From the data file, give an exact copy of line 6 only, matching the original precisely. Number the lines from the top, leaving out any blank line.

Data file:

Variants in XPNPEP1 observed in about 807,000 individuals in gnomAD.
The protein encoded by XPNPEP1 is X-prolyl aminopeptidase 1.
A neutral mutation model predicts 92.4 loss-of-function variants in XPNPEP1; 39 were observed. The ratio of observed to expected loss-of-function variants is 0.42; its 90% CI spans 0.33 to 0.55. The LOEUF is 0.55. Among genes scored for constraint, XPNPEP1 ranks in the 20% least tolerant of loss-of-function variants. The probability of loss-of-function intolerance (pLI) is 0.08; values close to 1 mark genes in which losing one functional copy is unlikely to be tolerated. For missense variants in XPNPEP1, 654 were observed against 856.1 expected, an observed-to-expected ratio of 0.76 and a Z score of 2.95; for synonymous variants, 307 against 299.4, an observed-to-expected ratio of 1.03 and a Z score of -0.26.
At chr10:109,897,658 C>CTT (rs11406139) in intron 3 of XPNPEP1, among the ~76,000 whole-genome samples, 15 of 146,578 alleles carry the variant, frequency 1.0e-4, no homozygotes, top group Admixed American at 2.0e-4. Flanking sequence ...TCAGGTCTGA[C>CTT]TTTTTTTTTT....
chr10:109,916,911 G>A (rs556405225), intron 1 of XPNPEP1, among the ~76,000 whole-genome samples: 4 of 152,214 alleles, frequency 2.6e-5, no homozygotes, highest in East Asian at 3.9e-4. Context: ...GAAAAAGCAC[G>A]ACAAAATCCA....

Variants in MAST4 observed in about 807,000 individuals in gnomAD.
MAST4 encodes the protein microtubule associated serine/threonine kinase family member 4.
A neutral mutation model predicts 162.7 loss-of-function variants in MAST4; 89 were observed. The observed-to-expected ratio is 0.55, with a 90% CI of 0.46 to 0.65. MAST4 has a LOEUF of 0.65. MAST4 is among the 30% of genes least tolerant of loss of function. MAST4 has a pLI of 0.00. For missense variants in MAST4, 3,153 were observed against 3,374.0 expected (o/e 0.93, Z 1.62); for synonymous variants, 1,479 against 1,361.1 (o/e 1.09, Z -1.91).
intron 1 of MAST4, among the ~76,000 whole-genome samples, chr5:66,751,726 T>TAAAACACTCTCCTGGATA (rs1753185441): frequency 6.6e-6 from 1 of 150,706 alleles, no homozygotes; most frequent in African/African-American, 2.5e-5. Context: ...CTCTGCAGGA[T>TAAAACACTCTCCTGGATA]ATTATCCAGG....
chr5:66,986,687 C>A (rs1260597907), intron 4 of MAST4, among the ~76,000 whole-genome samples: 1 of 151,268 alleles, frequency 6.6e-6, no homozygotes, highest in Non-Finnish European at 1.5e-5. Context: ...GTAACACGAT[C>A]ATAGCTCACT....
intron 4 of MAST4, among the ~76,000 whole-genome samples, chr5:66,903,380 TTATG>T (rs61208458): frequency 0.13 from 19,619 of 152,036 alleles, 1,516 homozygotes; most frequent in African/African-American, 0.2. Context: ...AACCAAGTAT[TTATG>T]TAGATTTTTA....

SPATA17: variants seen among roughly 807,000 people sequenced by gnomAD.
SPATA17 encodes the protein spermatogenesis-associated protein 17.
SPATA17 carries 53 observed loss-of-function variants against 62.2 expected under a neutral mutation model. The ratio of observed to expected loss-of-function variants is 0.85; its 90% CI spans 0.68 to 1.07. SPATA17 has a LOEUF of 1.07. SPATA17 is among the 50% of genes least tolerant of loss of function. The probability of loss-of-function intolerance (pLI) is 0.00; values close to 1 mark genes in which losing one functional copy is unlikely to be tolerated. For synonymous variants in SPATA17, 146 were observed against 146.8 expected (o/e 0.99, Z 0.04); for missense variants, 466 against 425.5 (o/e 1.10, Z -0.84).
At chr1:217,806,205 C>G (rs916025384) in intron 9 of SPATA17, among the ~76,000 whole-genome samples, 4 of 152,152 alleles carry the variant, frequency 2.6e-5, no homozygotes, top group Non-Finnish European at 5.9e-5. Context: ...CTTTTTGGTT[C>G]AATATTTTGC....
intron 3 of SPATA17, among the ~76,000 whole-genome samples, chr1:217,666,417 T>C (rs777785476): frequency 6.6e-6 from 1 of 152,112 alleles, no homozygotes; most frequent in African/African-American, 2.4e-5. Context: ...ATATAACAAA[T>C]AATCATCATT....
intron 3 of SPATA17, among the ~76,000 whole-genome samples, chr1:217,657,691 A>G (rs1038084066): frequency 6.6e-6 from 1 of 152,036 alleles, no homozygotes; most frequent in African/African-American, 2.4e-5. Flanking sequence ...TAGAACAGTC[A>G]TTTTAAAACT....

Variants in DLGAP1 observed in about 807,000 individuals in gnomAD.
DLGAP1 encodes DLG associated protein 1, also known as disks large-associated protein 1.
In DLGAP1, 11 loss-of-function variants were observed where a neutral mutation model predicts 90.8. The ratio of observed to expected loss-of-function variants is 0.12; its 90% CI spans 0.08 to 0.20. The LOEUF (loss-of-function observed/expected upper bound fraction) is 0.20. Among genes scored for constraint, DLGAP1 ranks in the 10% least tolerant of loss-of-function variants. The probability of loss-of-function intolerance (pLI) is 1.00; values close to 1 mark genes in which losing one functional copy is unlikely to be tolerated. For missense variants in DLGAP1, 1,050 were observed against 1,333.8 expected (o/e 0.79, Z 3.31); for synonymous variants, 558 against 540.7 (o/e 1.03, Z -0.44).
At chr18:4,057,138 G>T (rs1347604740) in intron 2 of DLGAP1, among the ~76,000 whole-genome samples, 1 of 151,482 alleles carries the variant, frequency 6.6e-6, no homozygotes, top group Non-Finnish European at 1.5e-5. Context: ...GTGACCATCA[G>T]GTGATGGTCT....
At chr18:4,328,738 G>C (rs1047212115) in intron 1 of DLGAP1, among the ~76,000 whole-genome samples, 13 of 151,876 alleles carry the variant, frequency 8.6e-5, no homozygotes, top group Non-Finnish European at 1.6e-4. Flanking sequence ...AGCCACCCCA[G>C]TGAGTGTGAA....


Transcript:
Variants in MAST4 observed in about 807,000 individuals in gnomAD.